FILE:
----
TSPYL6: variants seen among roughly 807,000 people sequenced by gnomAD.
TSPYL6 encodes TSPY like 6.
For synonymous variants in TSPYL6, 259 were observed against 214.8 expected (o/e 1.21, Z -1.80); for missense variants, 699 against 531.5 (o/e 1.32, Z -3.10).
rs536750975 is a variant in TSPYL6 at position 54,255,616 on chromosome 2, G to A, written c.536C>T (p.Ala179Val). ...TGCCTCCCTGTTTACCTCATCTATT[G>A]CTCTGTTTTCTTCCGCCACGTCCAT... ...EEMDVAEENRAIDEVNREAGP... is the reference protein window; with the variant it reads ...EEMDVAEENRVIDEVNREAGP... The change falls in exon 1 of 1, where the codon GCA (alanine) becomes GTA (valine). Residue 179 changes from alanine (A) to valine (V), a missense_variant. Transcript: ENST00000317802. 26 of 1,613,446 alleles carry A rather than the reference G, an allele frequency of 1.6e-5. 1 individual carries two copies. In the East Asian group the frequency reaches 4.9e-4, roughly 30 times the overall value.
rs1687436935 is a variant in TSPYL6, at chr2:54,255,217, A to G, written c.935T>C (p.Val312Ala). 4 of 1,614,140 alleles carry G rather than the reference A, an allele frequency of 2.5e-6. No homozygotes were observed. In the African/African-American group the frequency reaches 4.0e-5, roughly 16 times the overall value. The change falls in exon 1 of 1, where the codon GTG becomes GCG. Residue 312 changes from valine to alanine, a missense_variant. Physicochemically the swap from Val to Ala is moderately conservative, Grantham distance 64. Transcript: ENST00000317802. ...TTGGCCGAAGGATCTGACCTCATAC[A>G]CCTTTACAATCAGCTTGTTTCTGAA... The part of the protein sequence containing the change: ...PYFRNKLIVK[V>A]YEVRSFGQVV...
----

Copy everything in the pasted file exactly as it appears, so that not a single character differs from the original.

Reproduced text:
TSPYL6: variants seen among roughly 807,000 people sequenced by gnomAD.
TSPYL6 encodes TSPY like 6.
For synonymous variants in TSPYL6, 259 were observed against 214.8 expected (o/e 1.21, Z -1.80); for missense variants, 699 against 531.5 (o/e 1.32, Z -3.10).
rs536750975 is a variant in TSPYL6 at position 54,255,616 on chromosome 2, G to A, written c.536C>T (p.Ala179Val). ...TGCCTCCCTGTTTACCTCATCTATT[G>A]CTCTGTTTTCTTCCGCCACGTCCAT... ...EEMDVAEENRAIDEVNREAGP... is the reference protein window; with the variant it reads ...EEMDVAEENRVIDEVNREAGP... The change falls in exon 1 of 1, where the codon GCA (alanine) becomes GTA (valine). Residue 179 changes from alanine (A) to valine (V), a missense_variant. Transcript: ENST00000317802. 26 of 1,613,446 alleles carry A rather than the reference G, an allele frequency of 1.6e-5. 1 individual carries two copies. In the East Asian group the frequency reaches 4.9e-4, roughly 30 times the overall value.
rs1687436935 is a variant in TSPYL6, at chr2:54,255,217, A to G, written c.935T>C (p.Val312Ala). 4 of 1,614,140 alleles carry G rather than the reference A, an allele frequency of 2.5e-6. No homozygotes were observed. In the African/African-American group the frequency reaches 4.0e-5, roughly 16 times the overall value. The change falls in exon 1 of 1, where the codon GTG becomes GCG. Residue 312 changes from valine to alanine, a missense_variant. Physicochemically the swap from Val to Ala is moderately conservative, Grantham distance 64. Transcript: ENST00000317802. ...TTGGCCGAAGGATCTGACCTCATAC[A>G]CCTTTACAATCAGCTTGTTTCTGAA... The part of the protein sequence containing the change: ...PYFRNKLIVK[V>A]YEVRSFGQVV...